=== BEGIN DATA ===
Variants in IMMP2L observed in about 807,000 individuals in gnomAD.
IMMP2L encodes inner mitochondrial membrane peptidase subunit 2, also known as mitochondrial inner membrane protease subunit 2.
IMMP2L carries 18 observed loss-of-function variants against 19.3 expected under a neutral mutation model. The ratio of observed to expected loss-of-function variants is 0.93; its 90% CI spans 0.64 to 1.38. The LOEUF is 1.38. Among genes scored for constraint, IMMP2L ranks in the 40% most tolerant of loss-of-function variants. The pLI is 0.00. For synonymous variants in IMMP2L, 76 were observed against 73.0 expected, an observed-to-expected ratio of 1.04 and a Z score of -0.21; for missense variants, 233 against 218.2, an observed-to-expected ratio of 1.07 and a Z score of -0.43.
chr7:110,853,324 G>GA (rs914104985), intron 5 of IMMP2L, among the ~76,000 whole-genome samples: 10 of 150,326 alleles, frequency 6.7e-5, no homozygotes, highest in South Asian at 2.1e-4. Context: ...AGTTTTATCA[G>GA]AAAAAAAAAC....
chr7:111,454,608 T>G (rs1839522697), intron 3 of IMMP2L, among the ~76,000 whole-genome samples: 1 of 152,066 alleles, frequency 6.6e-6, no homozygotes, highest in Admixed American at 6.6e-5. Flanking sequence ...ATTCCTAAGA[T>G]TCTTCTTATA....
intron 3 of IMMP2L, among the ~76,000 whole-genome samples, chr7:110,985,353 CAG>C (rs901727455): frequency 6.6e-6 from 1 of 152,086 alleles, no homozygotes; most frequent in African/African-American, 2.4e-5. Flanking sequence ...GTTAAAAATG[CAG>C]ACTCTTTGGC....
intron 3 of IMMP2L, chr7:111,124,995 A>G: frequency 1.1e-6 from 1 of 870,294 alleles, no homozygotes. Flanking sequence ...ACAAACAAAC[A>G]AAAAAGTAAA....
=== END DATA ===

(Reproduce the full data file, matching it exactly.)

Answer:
Variants in IMMP2L observed in about 807,000 individuals in gnomAD.
IMMP2L encodes inner mitochondrial membrane peptidase subunit 2, also known as mitochondrial inner membrane protease subunit 2.
IMMP2L carries 18 observed loss-of-function variants against 19.3 expected under a neutral mutation model. The ratio of observed to expected loss-of-function variants is 0.93; its 90% CI spans 0.64 to 1.38. The LOEUF is 1.38. Among genes scored for constraint, IMMP2L ranks in the 40% most tolerant of loss-of-function variants. The pLI is 0.00. For synonymous variants in IMMP2L, 76 were observed against 73.0 expected, an observed-to-expected ratio of 1.04 and a Z score of -0.21; for missense variants, 233 against 218.2, an observed-to-expected ratio of 1.07 and a Z score of -0.43.
chr7:110,853,324 G>GA (rs914104985), intron 5 of IMMP2L, among the ~76,000 whole-genome samples: 10 of 150,326 alleles, frequency 6.7e-5, no homozygotes, highest in South Asian at 2.1e-4. Context: ...AGTTTTATCA[G>GA]AAAAAAAAAC....
chr7:111,454,608 T>G (rs1839522697), intron 3 of IMMP2L, among the ~76,000 whole-genome samples: 1 of 152,066 alleles, frequency 6.6e-6, no homozygotes, highest in Admixed American at 6.6e-5. Flanking sequence ...ATTCCTAAGA[T>G]TCTTCTTATA....
intron 3 of IMMP2L, among the ~76,000 whole-genome samples, chr7:110,985,353 CAG>C (rs901727455): frequency 6.6e-6 from 1 of 152,086 alleles, no homozygotes; most frequent in African/African-American, 2.4e-5. Flanking sequence ...GTTAAAAATG[CAG>C]ACTCTTTGGC....
intron 3 of IMMP2L, chr7:111,124,995 A>G: frequency 1.1e-6 from 1 of 870,294 alleles, no homozygotes. Flanking sequence ...ACAAACAAAC[A>G]AAAAAGTAAA....